When the atmosphere absorbs energy from magnetic storms, it warms up and expands upward. This expansion considerably increases the density of the thermosphere, the layer of the environment that extends from about 50 miles (80 kilometers) to approximately 600 miles (1,000 km) above the surface area of the Earth. Higher density implies more drag, which can be an issue for satellites.
Starlink satellites are launched in batches, and 40 were destroyed in early February because of a geomagnetic storm. Credit: SpaceX
This situation is exactly what caused the death of the SpaceX Starlink satellites in February. Starlink satellites are dropped off by Falcon 9 rockets into a low-altitude orbit, typically somewhere between 60 and 120 miles (100 and 200 km) above the Earths surface. The satellites then use onboard engines to gradually overcome the force of drag and raise themselves to their final elevation of approximately 350 miles (550 km).
The most recent batch of Starlink satellites experienced a geomagnetic storm while still in very low-Earth orbit. Their engines could not get rid of the significantly increased drag, and the satellites started slowly falling toward Earth and ultimately burned up in the atmosphere.
Drag is just one threat that space weather condition presents to space-based properties. The significant increase in high-energy electrons within the magnetosphere during strong geomagnetic storms implies more electrons will permeate the shielding on a spacecraft and collect within its electronics. This accumulation of electrons can discharge in what is basically a little lightning strike and damage electronics.
Penetrating radiation or charged particles in the magnetosphere– even during moderate geomagnetic storms– can likewise alter the output signal from electronic gadgets. This phenomenon can trigger mistakes in any part of a spacecrafts electronics system, and if the error occurs in something important, the whole satellite can fail. Little errors are typically fixable and typical, but total failures, though uncommon, do occur.
Geomagnetic storms can interrupt the ability of satellites to interact with Earth utilizing radio waves. Lots of communications innovations, like GPS, for instance, rely on radio waves. The atmosphere constantly misshapes radio waves by some quantity, so engineers proper for this distortion when developing communication systems. But throughout geomagnetic storms, changes in the ionosphere– the charged equivalent of the thermosphere that covers roughly the same altitude variety– will alter how radio waves travel through it. The calibrations in place for a quiet environment become wrong throughout geomagnetic storms.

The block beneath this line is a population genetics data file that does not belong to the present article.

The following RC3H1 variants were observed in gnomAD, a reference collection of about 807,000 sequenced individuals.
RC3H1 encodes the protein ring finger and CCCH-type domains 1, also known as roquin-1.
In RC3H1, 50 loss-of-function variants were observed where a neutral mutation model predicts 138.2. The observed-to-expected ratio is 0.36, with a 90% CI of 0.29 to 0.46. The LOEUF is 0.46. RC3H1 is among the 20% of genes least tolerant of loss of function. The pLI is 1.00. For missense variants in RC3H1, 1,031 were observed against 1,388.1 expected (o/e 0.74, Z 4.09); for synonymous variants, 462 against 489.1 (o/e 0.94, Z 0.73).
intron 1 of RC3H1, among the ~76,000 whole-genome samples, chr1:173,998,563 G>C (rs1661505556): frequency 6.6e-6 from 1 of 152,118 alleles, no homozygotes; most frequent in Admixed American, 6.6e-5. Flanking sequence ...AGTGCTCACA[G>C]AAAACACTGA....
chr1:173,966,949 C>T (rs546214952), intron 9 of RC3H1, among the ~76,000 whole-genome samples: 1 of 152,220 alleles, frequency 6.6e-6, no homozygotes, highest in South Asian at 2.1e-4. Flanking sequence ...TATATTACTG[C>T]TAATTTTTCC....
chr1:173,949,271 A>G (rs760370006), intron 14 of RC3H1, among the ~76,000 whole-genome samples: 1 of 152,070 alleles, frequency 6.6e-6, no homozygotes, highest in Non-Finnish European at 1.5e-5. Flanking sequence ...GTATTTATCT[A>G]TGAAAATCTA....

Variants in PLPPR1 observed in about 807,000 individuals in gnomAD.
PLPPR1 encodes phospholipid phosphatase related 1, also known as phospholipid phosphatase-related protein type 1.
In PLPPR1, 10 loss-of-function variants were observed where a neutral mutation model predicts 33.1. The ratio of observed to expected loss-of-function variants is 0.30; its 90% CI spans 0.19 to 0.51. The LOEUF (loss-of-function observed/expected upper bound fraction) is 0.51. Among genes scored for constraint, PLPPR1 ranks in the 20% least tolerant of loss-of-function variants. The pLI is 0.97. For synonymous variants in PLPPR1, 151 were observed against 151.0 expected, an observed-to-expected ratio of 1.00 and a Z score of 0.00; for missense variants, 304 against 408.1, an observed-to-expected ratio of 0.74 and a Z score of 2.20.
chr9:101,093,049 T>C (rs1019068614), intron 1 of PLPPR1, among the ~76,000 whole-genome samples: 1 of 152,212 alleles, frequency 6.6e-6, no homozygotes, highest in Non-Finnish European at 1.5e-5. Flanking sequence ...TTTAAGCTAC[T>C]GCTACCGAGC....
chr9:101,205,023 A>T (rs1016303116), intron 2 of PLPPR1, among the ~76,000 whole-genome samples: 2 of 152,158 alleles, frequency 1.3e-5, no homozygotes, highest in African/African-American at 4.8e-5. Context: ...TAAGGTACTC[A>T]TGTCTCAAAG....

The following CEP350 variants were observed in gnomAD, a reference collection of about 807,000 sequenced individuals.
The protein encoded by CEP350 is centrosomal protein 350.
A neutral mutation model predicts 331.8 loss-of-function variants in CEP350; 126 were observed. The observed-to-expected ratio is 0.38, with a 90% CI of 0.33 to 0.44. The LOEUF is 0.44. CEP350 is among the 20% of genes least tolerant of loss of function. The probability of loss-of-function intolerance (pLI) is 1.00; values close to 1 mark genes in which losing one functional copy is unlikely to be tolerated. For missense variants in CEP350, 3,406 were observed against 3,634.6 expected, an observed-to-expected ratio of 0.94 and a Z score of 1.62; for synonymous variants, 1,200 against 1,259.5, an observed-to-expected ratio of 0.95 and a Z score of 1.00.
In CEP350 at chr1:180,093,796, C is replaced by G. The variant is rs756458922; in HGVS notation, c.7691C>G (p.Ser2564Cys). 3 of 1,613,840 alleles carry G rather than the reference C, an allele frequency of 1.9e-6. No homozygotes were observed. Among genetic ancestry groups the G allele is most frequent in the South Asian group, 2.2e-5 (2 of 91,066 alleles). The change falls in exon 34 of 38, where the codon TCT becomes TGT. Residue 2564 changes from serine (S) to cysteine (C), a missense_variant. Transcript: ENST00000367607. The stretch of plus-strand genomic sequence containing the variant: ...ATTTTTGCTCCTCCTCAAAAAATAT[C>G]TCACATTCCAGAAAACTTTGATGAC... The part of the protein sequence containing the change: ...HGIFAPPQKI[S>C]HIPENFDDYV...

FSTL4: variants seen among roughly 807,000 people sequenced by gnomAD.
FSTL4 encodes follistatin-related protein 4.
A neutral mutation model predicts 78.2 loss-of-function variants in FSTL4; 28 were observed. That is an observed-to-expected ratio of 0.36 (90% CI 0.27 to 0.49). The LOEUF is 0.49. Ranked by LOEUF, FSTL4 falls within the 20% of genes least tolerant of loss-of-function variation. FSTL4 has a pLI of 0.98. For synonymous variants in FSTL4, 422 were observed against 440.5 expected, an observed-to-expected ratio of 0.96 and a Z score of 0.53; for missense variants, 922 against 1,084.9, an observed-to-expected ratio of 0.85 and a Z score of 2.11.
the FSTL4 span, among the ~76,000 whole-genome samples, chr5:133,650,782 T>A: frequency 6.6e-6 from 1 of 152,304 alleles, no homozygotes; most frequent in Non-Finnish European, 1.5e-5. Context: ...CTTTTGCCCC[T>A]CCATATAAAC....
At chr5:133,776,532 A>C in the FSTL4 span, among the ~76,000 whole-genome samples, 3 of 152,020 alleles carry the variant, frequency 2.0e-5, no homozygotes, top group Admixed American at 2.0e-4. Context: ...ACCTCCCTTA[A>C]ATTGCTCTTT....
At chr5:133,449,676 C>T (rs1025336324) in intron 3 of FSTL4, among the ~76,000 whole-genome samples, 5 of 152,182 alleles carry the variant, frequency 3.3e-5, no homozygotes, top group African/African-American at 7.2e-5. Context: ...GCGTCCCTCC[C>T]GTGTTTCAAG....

This, for example, makes it difficult to lock onto GPS signals and can throw off the positioning by a couple of meters. For many markets– air travel, maritime, robotics, transport, farming, military and others– GPS placing errors of a couple of meters are merely not tenable. Autonomous driving systems will require precise positioning also.
How to protect against space weather
Satellites are critically crucial for much of the contemporary world to operate, and securing space assets from space weather condition is an important location of research study.
A few of the threats can be lessened by shielding electronic devices from radiation or developing products that are more resistant to radiation. There is just so much shielding that can be done in the face of a powerful geomagnetic storm.
The capability to precisely anticipate storms would make it possible to preemptively protect satellites and other assets to a certain extent by shutting down sensitive electronics or reorienting the satellites to be much better secured. However while the modeling and forecasting of geomagnetic storms has substantially enhanced over the previous few years, the forecasts are typically incorrect. The National Oceanic and Atmospheric Administration had actually cautioned that, following a coronal mass ejection, a geomagnetic storm was “likely” to happen the day prior to or the day of the February Starlink launch. The mission went ahead anyway.
The Sun resembles a child that typically throws temper tantrums. Its important for life to go on, but its ever-changing disposition make things difficult.
Written by Piyush Mehta, Assistant Professor of Mechanical and Aerospace Engineering, West Virginia University.
This short article was first released in The Conversation.